Bull. Check the history... Lincoln began in 1920 as a new endeavor by the same people (the Lelands) who created Cadillac. Up until the late 1940s, Lincolns always had distinct engineering from Fords - the V12 engine, specifically, along with a totally unique chassis. And, under Edsel Ford's leadership, Lincoln was always the style leader in the company. (The "new" split grille on the MKS is a return to a look Edsel helped invent for Lincoln.) By the mid-1950s, some of that uniqueness had been lost, especially in the engine room (with enlarged versions of Ford engines). But Lincoln remained a top-end product, easily comparable with Cadillac (though not on the same level sales-wise). The 1961 Continental, a landmark design, reinforced and rebuilt this image. Problems began by the mid-1970s, with cars like the Mark series (eventually little more than a glitzed-up Thunderbird or LTD, depending on the year) and Versailles (a Ford Granada with lipstick) serving to erode the brand's cachet. To Ford's credit, they did try to reinvigorate Lincoln during the 1990s, with outstanding efforts like the 1995 Continental and the 1998 Mark VIII. But the easy success of the Navigator in 1998, part of the now-maligned SUV boom, caused them to lose the plot somewhat in the pursuit of quick profits. For instance, the LS was an excellent car, but was followed by...nothing. At least, nothing on the same level of refinement or engineering potential. True enough, at least since the 1970s. But Lincoln hasn't even seriously challenged Cadillac in a long time, and most would argue that Cadillac doesn't yet reach to the heights of those German aspirational brands either. Start where you can, then work up. I love the MKS - I think it's a great leap forward for the brand, stylistically and technologically. But as long as it remains on a front-drive chassis, a lot of the Lexus/Infiniti-type buyers are going to have problems with it. Stupid, I know, but that's the market. (Note the inability of either the supremely capable '95 Continental or the '98 Seville to truly catch on with luxury buyers.) You'll remember that much of Cadillac's renaissance has come about due to its rediscovery of rear-wheel drive - until Lincoln realizes that, they're going to remain stuck in the same rut as Audi and Acura - an otherwise great lineup of cars, limited (supposedly) by its adherence to front-wheel drive architecture. Should Cadillac have been "satisfied" to be in that same position? They weren't - they've changed their game, and they're now beginning to reap the benefits. Ford owes it to Lincoln, a brand with a considerable legacy, to do the same.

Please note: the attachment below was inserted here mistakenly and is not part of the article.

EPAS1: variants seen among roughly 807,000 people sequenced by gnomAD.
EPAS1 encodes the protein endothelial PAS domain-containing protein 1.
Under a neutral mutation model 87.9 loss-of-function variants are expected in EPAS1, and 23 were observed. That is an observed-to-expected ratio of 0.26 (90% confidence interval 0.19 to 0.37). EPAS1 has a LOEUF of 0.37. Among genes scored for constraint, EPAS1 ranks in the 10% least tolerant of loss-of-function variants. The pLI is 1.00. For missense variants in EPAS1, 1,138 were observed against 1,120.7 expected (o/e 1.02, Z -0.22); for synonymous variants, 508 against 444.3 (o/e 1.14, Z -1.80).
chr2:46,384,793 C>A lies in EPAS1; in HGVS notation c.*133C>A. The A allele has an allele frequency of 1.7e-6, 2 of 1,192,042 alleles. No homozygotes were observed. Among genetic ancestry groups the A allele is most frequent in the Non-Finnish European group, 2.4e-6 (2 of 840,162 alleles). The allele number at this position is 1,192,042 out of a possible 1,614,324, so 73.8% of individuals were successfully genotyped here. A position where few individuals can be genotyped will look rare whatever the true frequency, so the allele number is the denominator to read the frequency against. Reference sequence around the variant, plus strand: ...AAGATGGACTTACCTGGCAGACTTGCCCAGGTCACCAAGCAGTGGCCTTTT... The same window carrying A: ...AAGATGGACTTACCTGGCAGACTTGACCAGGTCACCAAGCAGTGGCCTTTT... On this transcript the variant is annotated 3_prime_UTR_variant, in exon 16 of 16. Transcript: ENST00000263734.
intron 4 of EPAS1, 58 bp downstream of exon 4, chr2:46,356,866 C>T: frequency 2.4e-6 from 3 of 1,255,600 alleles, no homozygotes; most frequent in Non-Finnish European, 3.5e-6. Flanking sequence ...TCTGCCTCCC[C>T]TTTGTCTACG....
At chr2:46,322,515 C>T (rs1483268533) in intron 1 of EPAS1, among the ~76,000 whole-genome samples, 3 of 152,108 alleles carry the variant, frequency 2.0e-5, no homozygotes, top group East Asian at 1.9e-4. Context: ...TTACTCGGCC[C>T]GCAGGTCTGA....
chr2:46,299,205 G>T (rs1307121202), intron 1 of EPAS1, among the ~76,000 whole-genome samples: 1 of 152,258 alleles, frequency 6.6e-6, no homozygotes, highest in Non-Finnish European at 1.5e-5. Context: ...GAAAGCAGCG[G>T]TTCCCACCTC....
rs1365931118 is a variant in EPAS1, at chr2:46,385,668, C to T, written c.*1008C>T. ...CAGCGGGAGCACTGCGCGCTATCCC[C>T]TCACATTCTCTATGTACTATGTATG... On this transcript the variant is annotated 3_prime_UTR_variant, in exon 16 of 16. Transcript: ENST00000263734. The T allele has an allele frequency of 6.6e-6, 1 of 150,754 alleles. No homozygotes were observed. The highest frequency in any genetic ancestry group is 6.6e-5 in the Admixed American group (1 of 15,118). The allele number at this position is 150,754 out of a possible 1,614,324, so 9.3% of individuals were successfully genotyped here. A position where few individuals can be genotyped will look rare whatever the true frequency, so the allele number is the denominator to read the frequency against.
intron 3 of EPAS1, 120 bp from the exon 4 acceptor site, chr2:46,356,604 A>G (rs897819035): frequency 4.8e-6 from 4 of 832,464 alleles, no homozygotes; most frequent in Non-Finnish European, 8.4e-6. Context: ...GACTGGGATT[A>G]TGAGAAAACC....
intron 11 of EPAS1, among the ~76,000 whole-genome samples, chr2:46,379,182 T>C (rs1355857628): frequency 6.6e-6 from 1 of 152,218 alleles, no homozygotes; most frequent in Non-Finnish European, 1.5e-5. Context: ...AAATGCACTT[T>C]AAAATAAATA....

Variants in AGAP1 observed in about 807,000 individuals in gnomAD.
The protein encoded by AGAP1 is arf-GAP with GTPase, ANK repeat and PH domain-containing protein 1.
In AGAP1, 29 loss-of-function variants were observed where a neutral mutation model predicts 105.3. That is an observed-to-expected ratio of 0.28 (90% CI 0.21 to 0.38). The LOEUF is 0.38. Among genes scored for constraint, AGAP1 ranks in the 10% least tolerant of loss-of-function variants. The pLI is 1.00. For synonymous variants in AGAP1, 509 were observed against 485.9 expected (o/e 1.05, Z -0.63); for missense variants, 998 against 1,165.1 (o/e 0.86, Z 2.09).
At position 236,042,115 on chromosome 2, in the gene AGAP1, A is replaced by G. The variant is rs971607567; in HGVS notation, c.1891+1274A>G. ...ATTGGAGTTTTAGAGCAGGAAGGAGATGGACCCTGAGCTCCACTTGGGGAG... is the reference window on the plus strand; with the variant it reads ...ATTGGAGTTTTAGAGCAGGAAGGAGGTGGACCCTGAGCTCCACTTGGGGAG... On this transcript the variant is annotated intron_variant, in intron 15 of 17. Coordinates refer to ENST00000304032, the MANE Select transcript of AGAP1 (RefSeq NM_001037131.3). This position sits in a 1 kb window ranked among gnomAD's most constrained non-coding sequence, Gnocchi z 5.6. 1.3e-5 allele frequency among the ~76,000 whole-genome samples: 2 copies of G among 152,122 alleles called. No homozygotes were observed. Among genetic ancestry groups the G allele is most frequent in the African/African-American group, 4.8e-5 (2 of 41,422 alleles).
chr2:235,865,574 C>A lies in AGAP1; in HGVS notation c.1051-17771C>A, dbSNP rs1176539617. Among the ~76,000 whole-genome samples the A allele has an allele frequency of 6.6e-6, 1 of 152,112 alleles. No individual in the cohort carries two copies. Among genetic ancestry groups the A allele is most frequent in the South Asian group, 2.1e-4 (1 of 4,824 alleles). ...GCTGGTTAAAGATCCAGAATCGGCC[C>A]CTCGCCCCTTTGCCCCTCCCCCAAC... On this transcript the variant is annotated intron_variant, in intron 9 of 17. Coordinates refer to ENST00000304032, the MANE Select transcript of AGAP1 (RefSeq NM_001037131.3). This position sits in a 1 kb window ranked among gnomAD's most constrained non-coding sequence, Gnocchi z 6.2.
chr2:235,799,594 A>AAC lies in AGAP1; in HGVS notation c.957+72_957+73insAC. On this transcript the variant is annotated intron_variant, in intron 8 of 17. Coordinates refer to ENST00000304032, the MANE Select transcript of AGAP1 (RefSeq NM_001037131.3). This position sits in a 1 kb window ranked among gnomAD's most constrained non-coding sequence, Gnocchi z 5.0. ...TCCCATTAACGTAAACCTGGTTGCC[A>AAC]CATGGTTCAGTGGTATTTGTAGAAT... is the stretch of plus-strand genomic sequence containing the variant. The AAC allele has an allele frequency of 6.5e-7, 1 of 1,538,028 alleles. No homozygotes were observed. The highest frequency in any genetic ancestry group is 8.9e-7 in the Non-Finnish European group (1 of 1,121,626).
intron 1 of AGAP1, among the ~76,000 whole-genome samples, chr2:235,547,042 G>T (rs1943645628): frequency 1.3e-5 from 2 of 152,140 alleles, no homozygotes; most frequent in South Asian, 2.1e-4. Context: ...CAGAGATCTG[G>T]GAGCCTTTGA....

7. Looking at it again, I've come to a different conclusion. So long as Lincoln keeps devolving into what Mercury used to be, there's not much reason for it to exist. To that end, I would argue that it is better off for Ford to gradually retire Mercury until such time as it can find relevance again. It may be quite a while - say mid-2020s or so - but Lincoln first has to regain a reputation for luxury leadership, on par with Mercedes-Benz or Cadillac. At that point, when there is once again a clear pricing gap between Ford and Lincoln, Mercury can return with classic American styling and a level of appointment and performance just beyond that of comparable Fords. I would like to say that the same is true for Plymouth's relationship to Dodge and Chrysler, but the Chrysler brand's got a hell of a lot of work to do before it can ever be regarded on the same level as even a weak Buick, let alone Cadillac.